Tips for Breastfeeding a Teething Baby
Right after birth is the period when parents receive the most advice about breastfeeding, but after the newborn phase, this help sometimes fades away. However, the challenges of breastfeeding can evolve over time, especially once the baby's teeth start to come in.
Babies rely solely on milk for the first six months, then their teeth start to come through and they are gradually introduced to solid foods. However, even when the weaning process starts, they still get most of their nourishment from milk until they are 12 months old.
Why breastfeeding matters
The World Health Organization (WHO) recommends breastfeeding for up to two years and beyond. Sometimes this is known as full-term, extended or long-term breastfeeding.
The most recent breastfeeding guidance from the American Academy of Pediatrics (AAP) states that "there are continued benefits from breastfeeding beyond one year, and up to two years."
The AAP also notes that long-term breastfeeding can provide protection for the mother against the following conditions:
- High blood pressure
- Breast cancer
- Ovarian cancer
Sixty percent of mothers in the United States do not breastfeed for as long as they intend to, according to the Centers for Disease Control and Prevention (CDC). Only an estimated 35.9 percent of mothers breastfeed for one full year, due to issues with lactation and latching, concerns about the baby's weight, unsupportive work practices and lack of healthcare support, among other factors.
"Antibodies and other immune cells and proteins in breast milk, like white blood cells and lactoferrin, continue to protect [babies] from bacterial and viral infections," said Jessica Madden, M.D., who is an international board-certified lactation consultant, a board-certified pediatrician and a neonatologist in Cleveland and the medical director at Aeroflow Breastpumps.
She added that the prebiotics and probiotics in breast milk can help create healthy microbiomes within the baby's digestive system.
Protecting nipples against teeth
Breastfeeding a teething baby can be a juggling act for parents. Balancing solid foods with milk and soothing your baby through the painful teething process can be overwhelming.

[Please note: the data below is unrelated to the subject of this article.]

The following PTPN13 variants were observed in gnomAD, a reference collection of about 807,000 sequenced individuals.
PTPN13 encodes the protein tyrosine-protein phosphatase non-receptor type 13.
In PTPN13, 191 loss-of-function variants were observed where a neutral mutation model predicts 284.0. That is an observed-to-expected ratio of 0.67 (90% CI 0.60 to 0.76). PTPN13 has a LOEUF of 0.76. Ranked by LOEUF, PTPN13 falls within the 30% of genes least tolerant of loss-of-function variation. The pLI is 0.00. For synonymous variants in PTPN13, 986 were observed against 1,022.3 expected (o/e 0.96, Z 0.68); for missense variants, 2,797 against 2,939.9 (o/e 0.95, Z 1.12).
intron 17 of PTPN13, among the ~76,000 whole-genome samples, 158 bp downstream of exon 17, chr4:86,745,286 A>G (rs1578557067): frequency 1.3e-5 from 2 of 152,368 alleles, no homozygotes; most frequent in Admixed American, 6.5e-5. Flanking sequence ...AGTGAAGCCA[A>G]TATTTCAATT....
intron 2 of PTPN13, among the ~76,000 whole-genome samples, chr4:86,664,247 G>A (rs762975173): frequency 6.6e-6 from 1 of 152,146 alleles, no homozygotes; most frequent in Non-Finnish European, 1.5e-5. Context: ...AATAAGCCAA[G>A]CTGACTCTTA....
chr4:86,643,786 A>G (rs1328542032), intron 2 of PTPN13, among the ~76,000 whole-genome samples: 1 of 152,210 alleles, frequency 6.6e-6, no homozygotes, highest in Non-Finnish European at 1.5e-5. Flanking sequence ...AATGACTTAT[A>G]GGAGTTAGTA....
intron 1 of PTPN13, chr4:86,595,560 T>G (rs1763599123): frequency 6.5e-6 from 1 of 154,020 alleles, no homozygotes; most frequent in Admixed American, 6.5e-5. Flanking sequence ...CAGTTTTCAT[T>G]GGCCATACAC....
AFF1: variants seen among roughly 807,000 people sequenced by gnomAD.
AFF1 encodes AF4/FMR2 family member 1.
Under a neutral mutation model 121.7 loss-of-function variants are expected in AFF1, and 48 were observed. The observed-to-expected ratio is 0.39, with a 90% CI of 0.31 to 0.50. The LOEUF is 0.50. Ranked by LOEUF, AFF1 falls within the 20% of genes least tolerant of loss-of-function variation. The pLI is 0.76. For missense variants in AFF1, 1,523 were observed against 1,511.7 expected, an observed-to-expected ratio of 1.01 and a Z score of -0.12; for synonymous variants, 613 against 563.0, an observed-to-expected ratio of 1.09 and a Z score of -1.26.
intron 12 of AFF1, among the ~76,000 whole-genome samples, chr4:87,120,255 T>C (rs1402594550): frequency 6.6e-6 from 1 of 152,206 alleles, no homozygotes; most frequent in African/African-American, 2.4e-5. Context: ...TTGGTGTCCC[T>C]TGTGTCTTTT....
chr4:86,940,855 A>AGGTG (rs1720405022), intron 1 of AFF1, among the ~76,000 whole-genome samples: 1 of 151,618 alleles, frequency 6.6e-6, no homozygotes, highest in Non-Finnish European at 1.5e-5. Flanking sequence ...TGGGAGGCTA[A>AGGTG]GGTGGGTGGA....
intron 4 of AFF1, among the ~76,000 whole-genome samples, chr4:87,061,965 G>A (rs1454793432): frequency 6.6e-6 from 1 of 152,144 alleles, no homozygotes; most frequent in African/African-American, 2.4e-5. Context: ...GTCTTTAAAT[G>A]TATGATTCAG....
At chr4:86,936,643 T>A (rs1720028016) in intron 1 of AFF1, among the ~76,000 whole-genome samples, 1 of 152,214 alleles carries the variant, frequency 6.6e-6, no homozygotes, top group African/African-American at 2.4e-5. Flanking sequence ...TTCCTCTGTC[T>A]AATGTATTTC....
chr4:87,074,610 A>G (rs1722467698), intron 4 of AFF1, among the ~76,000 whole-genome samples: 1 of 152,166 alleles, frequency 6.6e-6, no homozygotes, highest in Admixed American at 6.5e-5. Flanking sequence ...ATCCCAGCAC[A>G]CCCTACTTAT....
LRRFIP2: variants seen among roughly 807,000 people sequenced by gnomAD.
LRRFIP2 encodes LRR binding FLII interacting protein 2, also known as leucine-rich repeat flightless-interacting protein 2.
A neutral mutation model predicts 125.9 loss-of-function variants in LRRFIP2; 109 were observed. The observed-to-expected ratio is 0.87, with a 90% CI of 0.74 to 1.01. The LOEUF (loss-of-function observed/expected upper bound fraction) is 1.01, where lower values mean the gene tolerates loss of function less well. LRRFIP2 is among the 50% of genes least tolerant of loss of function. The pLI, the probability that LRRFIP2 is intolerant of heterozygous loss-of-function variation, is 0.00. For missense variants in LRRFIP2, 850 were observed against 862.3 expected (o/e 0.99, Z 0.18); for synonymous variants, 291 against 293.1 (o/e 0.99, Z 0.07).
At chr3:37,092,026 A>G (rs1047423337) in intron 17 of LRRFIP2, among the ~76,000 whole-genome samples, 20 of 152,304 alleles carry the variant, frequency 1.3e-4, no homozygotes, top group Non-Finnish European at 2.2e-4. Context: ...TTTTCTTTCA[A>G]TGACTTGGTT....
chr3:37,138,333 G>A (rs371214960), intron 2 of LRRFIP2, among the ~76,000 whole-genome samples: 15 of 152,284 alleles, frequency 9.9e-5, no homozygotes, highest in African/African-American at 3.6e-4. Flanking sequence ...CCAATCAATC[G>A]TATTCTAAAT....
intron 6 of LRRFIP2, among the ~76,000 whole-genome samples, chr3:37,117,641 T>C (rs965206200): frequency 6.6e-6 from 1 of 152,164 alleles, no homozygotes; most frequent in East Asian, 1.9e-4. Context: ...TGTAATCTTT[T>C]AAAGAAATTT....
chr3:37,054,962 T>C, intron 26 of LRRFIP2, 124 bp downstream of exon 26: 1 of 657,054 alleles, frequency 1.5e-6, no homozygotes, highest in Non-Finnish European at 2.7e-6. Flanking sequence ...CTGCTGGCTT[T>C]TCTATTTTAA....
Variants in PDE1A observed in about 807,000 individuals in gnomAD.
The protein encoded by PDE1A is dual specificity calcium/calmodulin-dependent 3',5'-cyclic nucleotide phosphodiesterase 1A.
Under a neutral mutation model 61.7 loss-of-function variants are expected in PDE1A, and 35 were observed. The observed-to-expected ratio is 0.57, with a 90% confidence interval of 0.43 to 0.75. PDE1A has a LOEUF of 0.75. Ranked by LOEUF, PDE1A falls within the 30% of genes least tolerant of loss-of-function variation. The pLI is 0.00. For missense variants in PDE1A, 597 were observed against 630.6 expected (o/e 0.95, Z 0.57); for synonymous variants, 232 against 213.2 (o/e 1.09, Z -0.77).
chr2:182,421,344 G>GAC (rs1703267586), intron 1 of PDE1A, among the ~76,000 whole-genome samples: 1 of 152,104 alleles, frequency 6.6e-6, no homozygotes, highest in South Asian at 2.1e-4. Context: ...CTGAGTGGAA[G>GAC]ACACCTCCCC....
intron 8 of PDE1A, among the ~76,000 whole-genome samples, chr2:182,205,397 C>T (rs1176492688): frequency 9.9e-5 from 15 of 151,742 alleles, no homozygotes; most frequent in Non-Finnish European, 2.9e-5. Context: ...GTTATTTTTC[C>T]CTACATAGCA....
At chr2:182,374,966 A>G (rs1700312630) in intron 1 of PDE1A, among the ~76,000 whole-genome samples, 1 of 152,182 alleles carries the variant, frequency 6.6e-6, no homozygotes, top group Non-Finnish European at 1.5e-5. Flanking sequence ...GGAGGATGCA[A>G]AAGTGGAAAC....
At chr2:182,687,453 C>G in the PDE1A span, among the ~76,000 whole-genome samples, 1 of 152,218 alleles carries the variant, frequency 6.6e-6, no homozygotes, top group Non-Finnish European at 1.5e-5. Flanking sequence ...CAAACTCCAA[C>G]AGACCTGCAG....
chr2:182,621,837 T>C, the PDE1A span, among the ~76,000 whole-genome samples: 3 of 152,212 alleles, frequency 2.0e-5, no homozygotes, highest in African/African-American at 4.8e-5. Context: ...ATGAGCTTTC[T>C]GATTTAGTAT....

Teething is a process that can start as early as four months, but many children begin around six months. Signs your baby is teething include sore gums, mild temperature, rashes on cheeks, dribbling, chewing on things and sleep that is interrupted more than usual, according to the National Health Service (NHS) in the United Kingdom.
Nichole Salisbury, R.N., an international board-certified lactation consultant at Broward Health Lactation Center in Coral Springs, Florida, said teething should not impede breastfeeding unless there are problems with latching.
"Breastfeeding may continue uninterrupted and often soothes a fussy, teething baby," she said.
Madden recommended giving babies something to gnaw on to ensure the mother's nipples do not become teething objects.
As a parent who is currently breastfeeding an 11-month-old boy with four teeth, I keep a teether or pacifier on hand during feedings if he bites slightly or loses the latch due to being distracted by pain. I stop and let him bite on something if his gums are sore, and then I resume feeding. Once he turned 6 months old, I let him sip on a small cup of cold water if he showed signs of discomfort. I've found this soothes him temporarily and we can continue.
Salisbury believes biting can happen as a result of a change to the position of the latch or milk flow. She said a baby sometimes shows amusement at a mother's reaction to biting and they may smile or laugh.
"It's not that they mean to hurt the mother, they simply observe an entertaining behavior and attempt to repeat it," she stressed.
If this occurs, Salisbury advised being nonreactive and saying, "No," in a calm tone.
Madden agreed that if a baby starts to bite, then it's important to unlatch and remove them from the breast. She recommended doing this by putting your finger in the corner of their mouth to break the latch and avoid nipple pulling. This helps teach them not to bite in the future.
Treating nipple soreness and trauma
One of the bigger issues parents may face while feeding an infant with teeth is nipple soreness or trauma, which can sometimes lead to mastitis. Salisbury advised parents to ensure a correct latch for the duration of their breastfeeding time. If any concerns do occur, then seek help from a certified lactation consultant.
"Prevention is key," Salisbury said.
If abrasions or breaks in the skin do appear on the nipple, Madden said immediate at-home treatment is vital. These are her tips to prevent a breast infection from developing:
- Keep breasts in the open air as much as possible.
- Do warm saltwater soaks multiple times per day.
- Apply sterile silver cups on the nipples to encourage breast healing.
- Apply medical-grade manuka honey.
- Feed your baby from the other breast and pump milk if necessary.
In terms of the psychological impact of long-term breastfeeding, Salisbury has good news for parents: "Breastfeeding often gets easier and less demanding with time."
As infants age and have more foods added to their diet, they breastfeed less frequently, she added. This trend can help take the pressure off exhausted parents.
Madden stressed that breastfeeding is a job that requires hours of effort, so household chores and labor need to be divided between a couple or family members if possible. She also has positive news that many babies start to sleep for six-hour stretches once they are 8 to 9 months old, which can provide the much-needed rest required by women who are breastfeeding.
"It's amazing what a few hours of uninterrupted sleep will do for a new parent," Salisbury said.